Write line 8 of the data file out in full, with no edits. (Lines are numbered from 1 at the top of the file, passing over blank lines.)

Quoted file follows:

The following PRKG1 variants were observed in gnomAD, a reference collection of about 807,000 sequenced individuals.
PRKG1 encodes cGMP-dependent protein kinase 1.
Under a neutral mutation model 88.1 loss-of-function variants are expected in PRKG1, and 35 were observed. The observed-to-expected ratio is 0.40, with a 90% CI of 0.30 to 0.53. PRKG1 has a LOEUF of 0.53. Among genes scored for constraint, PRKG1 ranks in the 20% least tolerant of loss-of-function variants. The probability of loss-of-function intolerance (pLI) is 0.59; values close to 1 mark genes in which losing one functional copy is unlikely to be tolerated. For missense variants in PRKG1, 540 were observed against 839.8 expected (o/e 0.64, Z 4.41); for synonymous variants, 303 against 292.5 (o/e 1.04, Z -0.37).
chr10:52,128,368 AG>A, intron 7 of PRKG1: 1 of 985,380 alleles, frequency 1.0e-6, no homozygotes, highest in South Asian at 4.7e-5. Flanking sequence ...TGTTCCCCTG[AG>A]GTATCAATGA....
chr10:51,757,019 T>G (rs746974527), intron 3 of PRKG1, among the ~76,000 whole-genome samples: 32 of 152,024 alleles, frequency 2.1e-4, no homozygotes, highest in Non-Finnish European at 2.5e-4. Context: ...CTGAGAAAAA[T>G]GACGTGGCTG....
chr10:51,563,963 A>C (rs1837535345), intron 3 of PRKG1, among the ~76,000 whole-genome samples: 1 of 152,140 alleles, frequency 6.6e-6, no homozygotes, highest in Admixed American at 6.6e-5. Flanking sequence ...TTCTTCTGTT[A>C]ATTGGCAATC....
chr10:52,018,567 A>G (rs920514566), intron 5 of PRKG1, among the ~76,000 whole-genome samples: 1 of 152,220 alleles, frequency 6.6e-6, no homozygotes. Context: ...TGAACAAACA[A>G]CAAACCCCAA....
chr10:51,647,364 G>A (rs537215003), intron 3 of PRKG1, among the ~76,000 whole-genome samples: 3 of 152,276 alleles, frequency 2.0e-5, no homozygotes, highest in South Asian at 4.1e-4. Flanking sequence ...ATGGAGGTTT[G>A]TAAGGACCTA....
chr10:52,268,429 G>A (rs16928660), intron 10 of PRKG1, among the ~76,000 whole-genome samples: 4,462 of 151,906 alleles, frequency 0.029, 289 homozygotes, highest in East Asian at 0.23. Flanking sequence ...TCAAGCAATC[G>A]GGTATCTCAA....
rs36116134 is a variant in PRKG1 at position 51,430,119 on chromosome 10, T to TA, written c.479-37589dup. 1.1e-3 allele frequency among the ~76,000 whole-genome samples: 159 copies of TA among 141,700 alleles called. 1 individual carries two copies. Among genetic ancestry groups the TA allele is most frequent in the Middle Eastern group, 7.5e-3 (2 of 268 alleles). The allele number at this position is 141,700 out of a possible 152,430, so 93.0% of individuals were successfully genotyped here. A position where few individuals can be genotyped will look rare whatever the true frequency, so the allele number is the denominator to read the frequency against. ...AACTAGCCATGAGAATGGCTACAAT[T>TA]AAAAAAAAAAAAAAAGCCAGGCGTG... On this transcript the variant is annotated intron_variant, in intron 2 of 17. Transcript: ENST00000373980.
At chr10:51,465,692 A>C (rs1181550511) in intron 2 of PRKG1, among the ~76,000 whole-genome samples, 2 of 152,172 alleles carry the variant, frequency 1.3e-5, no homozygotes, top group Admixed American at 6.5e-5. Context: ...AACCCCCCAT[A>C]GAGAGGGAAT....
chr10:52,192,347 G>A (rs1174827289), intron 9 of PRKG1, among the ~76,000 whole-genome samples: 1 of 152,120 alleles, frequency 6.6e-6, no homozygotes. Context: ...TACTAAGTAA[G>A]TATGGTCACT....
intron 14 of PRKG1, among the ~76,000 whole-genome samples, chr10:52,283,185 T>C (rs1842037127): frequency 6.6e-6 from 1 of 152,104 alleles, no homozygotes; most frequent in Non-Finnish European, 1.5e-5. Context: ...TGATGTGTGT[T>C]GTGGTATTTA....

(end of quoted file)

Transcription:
chr10:51,647,364 G>A (rs537215003), intron 3 of PRKG1, among the ~76,000 whole-genome samples: 3 of 152,276 alleles, frequency 2.0e-5, no homozygotes, highest in South Asian at 4.1e-4. Flanking sequence ...ATGGAGGTTT[G>A]TAAGGACCTA....